The National Gallery: Dutch Flowers

 OK, so this is right up our street and if you are a regular reader of McQueens blog, we imagine it’s right up yours, too. The National Gallery is exhibiting a collection of sumptuous floral art exploring the evolution of Dutch flower paintings over the course of two centuries. Beautiful, blousey and bursting with colour, these gorgeous and glorious floral depictions will make you gasp with delight as it is the first display of its kind in the UK for more than twenty years.
Through twenty-two works, Dutch Flowers examines the origins of the genre, the height of its popularity in the Dutch Golden Age, and its final flowering in the late eighteenth century.  About half of the works on display have come from the Gallery’s permanent collection, and the rest from private collections. Many are on loan too, so you won’t have seen them here before.

At the turn of the seventeenth century, Dutch painters such as Jan Brueghel the Elder, Ambrosius Bosschaert and Roelandt Savery were among the first artists to produce paintings that exclusively depicted flowers. The sudden emergence of this genre is largely due to the development of scientific interest in botany and horticulture at the close of the sixteenth century. At this time, botanical gardens first gained popularity in the Netherlands, and there was a booming international trade in exotic cultivars. By the 1630s, speculative prices for the most coveted bulbs and flowering plants had reached spectacular heights; the so-called ‘Tulipmania’ of the era. Although prices inevitably crashed, the Dutch love affair with flowers in all their forms endured.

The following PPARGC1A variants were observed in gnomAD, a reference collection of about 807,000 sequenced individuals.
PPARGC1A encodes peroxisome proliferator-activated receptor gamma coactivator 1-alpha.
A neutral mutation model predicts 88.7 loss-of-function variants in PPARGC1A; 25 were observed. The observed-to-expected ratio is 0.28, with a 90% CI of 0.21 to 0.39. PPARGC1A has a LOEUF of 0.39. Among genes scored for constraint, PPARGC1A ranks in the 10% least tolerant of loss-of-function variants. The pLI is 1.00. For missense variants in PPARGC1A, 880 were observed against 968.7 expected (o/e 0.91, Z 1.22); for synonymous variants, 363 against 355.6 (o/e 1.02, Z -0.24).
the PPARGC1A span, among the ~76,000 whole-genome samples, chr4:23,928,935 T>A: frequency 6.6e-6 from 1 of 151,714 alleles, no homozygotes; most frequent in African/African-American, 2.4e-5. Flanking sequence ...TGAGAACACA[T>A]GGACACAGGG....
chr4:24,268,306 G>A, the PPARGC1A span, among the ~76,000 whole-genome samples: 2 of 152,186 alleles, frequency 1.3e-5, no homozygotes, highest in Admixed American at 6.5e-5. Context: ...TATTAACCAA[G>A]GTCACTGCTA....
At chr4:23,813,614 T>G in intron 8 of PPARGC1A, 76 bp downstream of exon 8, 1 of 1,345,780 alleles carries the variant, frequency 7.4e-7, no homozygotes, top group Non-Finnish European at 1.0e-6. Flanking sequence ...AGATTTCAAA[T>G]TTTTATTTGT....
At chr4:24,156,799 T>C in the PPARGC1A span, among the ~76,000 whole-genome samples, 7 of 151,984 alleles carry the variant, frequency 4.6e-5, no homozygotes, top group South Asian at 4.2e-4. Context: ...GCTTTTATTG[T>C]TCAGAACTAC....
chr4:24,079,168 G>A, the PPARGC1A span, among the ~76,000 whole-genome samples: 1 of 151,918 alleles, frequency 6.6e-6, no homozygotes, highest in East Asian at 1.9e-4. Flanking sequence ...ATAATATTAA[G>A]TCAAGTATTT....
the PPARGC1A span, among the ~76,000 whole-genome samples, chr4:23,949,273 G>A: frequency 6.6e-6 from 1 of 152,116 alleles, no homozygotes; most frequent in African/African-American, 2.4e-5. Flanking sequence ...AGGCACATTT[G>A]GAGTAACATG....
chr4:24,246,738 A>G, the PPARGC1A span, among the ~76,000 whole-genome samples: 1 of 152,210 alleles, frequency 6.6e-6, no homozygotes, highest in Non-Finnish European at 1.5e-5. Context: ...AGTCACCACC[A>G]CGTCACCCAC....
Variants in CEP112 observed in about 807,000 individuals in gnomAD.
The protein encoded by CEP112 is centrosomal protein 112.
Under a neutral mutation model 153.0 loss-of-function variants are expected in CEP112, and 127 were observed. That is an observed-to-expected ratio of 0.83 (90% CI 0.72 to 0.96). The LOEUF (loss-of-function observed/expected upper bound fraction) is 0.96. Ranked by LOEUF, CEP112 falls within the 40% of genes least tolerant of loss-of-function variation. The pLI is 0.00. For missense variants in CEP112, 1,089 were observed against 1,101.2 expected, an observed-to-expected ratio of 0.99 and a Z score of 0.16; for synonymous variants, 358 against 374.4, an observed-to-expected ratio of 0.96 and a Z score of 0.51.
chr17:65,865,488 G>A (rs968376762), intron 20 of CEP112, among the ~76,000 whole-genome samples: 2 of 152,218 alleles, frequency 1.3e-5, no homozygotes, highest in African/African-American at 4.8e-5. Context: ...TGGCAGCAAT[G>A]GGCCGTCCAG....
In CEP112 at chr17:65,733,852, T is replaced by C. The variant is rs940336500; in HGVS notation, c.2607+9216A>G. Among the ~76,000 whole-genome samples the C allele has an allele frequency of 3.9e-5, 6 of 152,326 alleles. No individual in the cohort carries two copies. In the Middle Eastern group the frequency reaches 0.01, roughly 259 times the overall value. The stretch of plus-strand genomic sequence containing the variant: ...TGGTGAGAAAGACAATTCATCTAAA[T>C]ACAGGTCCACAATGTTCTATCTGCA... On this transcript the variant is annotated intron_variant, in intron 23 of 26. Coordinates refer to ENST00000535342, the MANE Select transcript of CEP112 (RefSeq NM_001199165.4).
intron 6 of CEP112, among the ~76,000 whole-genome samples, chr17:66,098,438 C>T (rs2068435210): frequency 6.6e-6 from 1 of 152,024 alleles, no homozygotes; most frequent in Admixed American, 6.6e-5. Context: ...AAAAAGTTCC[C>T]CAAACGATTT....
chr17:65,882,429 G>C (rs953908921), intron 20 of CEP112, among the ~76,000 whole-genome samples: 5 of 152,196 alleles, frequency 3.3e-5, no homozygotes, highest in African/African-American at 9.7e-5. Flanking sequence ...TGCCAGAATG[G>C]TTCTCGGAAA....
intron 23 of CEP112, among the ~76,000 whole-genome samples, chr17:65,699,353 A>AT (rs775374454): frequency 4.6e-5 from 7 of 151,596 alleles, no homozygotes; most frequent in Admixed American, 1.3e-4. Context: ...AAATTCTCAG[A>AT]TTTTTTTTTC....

The earliest flower paintings feature flat, symmetrical arrangements comprising flowers from different seasons. Over the course of the seventeenth century, bouquets become more relaxed, with asymmetrical rhythms and a willingness to overlap even the most costly flowers to create a more natural sense of depth. By the end of the eighteenth century, flower paintings were considered largely decorative, with a lighter palette more in keeping with ‘modern’ tastes. Throughout the period, many artists favoured smooth copper or wood panel supports that enhanced the perfection of their brushwork. If you’re visiting the Chelsea and Hampton Court Flower Shows this summer, this exhibition will give you a unique opportunity to compare and contrast these flower paintings with modern day horticulture.

The artists could never have imagined how admired and coveted their work would be hundreds of years later, and this collection highlights their skill and dedication. The technical achievements of the artists alone is more than enough to warrant a visit, but for flower lovers and florists alike, this exhibition offers a wonderful insight into the art of flower arranging going back through the centuries. You won’t want to miss it.

The National Gallery, 6 April – 29 August 2016
Admission free.

Details at

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